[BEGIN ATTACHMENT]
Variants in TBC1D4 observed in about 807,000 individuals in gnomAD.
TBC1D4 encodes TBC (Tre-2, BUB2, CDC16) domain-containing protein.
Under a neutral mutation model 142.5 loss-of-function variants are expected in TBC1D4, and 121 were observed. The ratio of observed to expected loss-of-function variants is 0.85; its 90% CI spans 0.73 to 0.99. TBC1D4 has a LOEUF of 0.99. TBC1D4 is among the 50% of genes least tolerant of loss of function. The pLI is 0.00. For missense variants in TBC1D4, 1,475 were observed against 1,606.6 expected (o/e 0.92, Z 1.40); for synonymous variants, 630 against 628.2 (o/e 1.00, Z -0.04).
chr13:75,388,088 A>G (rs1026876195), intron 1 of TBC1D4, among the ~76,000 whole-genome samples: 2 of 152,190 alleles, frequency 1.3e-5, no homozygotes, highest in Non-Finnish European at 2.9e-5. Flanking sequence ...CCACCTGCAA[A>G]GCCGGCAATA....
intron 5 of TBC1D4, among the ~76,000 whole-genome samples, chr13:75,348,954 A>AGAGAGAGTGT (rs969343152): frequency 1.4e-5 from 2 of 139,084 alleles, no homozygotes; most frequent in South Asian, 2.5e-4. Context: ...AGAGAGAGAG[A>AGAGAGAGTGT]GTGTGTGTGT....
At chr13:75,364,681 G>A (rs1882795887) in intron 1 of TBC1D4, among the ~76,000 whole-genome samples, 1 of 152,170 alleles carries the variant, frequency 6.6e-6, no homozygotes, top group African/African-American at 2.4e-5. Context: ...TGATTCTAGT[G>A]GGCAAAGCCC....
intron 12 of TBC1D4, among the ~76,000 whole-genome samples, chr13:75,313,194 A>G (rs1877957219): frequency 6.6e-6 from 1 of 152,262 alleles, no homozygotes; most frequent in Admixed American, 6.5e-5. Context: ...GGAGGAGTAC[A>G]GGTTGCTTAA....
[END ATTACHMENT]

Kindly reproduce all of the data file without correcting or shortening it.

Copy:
Variants in TBC1D4 observed in about 807,000 individuals in gnomAD.
TBC1D4 encodes TBC (Tre-2, BUB2, CDC16) domain-containing protein.
Under a neutral mutation model 142.5 loss-of-function variants are expected in TBC1D4, and 121 were observed. The ratio of observed to expected loss-of-function variants is 0.85; its 90% CI spans 0.73 to 0.99. TBC1D4 has a LOEUF of 0.99. TBC1D4 is among the 50% of genes least tolerant of loss of function. The pLI is 0.00. For missense variants in TBC1D4, 1,475 were observed against 1,606.6 expected (o/e 0.92, Z 1.40); for synonymous variants, 630 against 628.2 (o/e 1.00, Z -0.04).
chr13:75,388,088 A>G (rs1026876195), intron 1 of TBC1D4, among the ~76,000 whole-genome samples: 2 of 152,190 alleles, frequency 1.3e-5, no homozygotes, highest in Non-Finnish European at 2.9e-5. Flanking sequence ...CCACCTGCAA[A>G]GCCGGCAATA....
intron 5 of TBC1D4, among the ~76,000 whole-genome samples, chr13:75,348,954 A>AGAGAGAGTGT (rs969343152): frequency 1.4e-5 from 2 of 139,084 alleles, no homozygotes; most frequent in South Asian, 2.5e-4. Context: ...AGAGAGAGAG[A>AGAGAGAGTGT]GTGTGTGTGT....
At chr13:75,364,681 G>A (rs1882795887) in intron 1 of TBC1D4, among the ~76,000 whole-genome samples, 1 of 152,170 alleles carries the variant, frequency 6.6e-6, no homozygotes, top group African/African-American at 2.4e-5. Context: ...TGATTCTAGT[G>A]GGCAAAGCCC....
intron 12 of TBC1D4, among the ~76,000 whole-genome samples, chr13:75,313,194 A>G (rs1877957219): frequency 6.6e-6 from 1 of 152,262 alleles, no homozygotes; most frequent in Admixed American, 6.5e-5. Context: ...GGAGGAGTAC[A>G]GGTTGCTTAA....